Do the Lumber Twist

Pole Barn Guru Blog

Let’s start in the forest…

When David Friss of Anchorage worked for NOM ‘s Environmental Research Labs in Boulder, he was once asked why lightning sometimes spirals down the trunk of a tree. While the answer was not proven, we observed the path of least resistance might follow the spiral grain of the wood. He eventually found a tree with a spiral lightning mark and it followed the spiral grain exactly.

“But why should the tree spiral? Larry Gedney, a seismologist at the Geophysical Institute, University of Alaska Fairbanks, speculates: Foliage tends to be thicker on the south side of the tree because of better sunlight. Prevailing winds, in most of the tree-growing northern hemisphere, are from the west. Combine these factors, and the westerly wind pushing on the thicker south side of the tree, year after year, causes an asymmetrical wind loading which slowly twists the tree around in the observed direction.

Lumber wants to do the twist

Professor Hans Nielsen of the Geophysical Institute thinks the matter can be related to the Coriolis effect of the earth’s rotation. In the northern hemisphere, all moving objects are diverted ever so slightly to the right. (This is why hurricanes rotate counterclockwise–air moving toward the storm is diverted to the right and thus imparts a counterclockwise spiral to the storm at the center.) Nielsen thinks that possibly when a tree is rocked by winds, the tip might tend to rotate in a counterclockwise circle when viewed from above. This would lead to a clockwise spiral twist. That sounds like a contradiction until you think about it for a while.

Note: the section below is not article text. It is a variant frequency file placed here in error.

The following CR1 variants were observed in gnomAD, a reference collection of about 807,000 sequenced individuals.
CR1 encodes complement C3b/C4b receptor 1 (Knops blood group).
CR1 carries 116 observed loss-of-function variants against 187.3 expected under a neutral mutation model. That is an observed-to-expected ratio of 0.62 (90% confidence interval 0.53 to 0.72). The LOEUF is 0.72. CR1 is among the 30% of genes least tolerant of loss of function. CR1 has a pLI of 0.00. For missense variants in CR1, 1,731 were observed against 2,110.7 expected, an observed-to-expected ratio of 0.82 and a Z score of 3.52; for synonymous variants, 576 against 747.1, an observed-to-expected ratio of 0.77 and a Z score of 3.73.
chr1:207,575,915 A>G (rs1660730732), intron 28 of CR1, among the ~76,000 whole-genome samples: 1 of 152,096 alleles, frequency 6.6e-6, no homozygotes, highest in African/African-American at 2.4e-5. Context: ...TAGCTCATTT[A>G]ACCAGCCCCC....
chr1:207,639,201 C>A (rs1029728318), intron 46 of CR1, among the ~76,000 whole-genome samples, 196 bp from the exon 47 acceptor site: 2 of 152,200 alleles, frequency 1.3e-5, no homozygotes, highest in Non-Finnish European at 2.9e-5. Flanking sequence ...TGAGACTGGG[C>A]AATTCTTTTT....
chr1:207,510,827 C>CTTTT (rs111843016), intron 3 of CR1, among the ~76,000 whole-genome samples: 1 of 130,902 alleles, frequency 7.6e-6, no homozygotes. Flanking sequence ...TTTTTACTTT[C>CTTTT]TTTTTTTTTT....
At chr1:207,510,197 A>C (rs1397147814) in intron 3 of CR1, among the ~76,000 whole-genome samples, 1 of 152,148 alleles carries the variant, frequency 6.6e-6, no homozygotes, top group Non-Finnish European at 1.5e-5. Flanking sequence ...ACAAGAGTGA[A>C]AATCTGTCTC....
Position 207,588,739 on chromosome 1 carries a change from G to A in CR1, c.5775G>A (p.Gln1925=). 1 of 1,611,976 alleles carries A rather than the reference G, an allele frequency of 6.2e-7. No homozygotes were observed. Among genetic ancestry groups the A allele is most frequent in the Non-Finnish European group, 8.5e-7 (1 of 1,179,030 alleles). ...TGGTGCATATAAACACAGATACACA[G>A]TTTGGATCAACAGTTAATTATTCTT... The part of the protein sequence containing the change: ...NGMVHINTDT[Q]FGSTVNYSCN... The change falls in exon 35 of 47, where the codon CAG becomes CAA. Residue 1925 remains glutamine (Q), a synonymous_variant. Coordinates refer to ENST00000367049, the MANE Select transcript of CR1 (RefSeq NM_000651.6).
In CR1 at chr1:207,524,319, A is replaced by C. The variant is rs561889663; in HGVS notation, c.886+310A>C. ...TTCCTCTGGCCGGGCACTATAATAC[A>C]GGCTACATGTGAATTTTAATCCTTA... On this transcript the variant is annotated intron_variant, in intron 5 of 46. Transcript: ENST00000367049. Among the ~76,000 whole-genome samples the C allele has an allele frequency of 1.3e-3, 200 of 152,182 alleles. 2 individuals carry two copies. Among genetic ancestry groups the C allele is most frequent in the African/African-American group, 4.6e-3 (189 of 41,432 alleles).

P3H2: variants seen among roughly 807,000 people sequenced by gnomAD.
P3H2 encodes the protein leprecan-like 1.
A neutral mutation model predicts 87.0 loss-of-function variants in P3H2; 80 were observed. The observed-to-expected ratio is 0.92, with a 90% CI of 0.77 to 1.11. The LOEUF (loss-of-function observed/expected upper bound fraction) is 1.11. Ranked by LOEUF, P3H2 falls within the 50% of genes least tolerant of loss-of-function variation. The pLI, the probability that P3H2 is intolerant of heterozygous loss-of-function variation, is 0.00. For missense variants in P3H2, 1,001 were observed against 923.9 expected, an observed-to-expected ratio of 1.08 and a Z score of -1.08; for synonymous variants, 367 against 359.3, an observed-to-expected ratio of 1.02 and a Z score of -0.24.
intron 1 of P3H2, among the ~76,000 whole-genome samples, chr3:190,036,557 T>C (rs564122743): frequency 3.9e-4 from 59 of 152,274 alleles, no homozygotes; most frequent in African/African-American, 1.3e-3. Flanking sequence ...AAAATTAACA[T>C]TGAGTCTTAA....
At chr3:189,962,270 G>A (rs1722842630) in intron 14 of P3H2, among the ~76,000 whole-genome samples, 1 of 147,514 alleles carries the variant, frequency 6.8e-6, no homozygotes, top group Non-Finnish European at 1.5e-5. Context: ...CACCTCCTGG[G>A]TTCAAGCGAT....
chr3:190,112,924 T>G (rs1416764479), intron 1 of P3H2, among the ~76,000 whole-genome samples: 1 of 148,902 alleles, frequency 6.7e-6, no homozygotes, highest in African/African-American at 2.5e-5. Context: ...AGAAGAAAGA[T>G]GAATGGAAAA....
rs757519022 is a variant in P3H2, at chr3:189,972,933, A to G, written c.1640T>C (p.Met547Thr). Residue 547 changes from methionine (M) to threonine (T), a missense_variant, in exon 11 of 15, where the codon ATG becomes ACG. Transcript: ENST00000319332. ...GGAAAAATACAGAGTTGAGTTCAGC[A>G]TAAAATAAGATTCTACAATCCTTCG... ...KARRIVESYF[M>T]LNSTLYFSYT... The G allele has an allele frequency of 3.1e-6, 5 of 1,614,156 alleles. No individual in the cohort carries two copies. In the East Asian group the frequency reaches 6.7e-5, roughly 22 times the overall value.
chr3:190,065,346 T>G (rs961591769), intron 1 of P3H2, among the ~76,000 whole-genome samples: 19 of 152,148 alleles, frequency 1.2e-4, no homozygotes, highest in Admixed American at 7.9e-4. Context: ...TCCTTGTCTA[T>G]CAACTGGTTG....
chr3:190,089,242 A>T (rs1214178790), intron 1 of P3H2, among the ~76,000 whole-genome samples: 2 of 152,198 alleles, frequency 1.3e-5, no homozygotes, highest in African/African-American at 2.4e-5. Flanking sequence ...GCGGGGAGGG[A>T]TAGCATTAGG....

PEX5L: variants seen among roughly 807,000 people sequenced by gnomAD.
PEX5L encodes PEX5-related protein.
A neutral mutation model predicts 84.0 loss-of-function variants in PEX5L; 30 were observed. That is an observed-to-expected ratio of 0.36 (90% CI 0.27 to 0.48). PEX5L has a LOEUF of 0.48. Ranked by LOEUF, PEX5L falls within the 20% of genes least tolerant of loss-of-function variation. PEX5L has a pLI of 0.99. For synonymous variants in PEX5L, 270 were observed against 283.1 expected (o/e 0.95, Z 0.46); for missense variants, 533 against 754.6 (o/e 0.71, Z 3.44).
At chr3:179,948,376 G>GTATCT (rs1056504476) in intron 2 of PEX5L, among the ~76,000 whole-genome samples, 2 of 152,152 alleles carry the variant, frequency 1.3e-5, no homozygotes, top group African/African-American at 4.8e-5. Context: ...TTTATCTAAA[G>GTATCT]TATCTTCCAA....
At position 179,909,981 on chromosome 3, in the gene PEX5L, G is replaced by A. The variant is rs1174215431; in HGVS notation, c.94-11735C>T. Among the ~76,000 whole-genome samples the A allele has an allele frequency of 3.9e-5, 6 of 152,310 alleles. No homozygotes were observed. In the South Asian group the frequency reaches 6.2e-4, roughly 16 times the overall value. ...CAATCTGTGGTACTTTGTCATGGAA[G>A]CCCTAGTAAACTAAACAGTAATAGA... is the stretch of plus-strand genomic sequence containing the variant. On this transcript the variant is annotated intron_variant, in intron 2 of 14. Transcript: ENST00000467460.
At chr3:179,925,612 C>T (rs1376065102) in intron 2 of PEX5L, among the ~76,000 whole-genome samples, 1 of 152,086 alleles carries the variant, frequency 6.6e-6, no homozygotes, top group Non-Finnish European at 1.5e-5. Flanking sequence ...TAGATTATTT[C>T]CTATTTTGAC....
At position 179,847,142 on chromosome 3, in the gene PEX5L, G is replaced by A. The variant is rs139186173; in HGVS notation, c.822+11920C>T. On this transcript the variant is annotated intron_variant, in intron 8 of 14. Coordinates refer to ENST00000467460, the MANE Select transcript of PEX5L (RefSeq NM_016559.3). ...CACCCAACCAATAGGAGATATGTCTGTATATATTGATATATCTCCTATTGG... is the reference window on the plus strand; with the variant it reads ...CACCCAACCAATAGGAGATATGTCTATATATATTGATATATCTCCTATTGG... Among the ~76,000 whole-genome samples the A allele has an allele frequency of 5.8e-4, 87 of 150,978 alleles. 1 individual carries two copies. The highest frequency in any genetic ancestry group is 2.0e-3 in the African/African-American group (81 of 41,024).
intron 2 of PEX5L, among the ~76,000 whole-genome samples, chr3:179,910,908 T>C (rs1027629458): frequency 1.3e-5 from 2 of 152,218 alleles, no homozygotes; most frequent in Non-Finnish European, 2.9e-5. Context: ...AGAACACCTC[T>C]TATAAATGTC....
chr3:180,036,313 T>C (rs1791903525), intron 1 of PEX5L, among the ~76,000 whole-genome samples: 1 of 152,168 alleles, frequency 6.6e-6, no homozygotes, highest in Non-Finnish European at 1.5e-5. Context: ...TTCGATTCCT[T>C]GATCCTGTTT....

Granted, not all trees exhibit the same lumber twist, but the majority of them do. The phenomenon can be likened to the claim that water will always spiral out of a drain in a counter-clockwise direction in the northern hemisphere.

So…take a log and cut it into nice, new boards. The log goes straight through the saw, but the “helix” of the grain, is not straight. Lumber does have a memory, and if the moisture content of the wood is changed, the cut piece will do the “lumber twist” and try to “become a tree” again!

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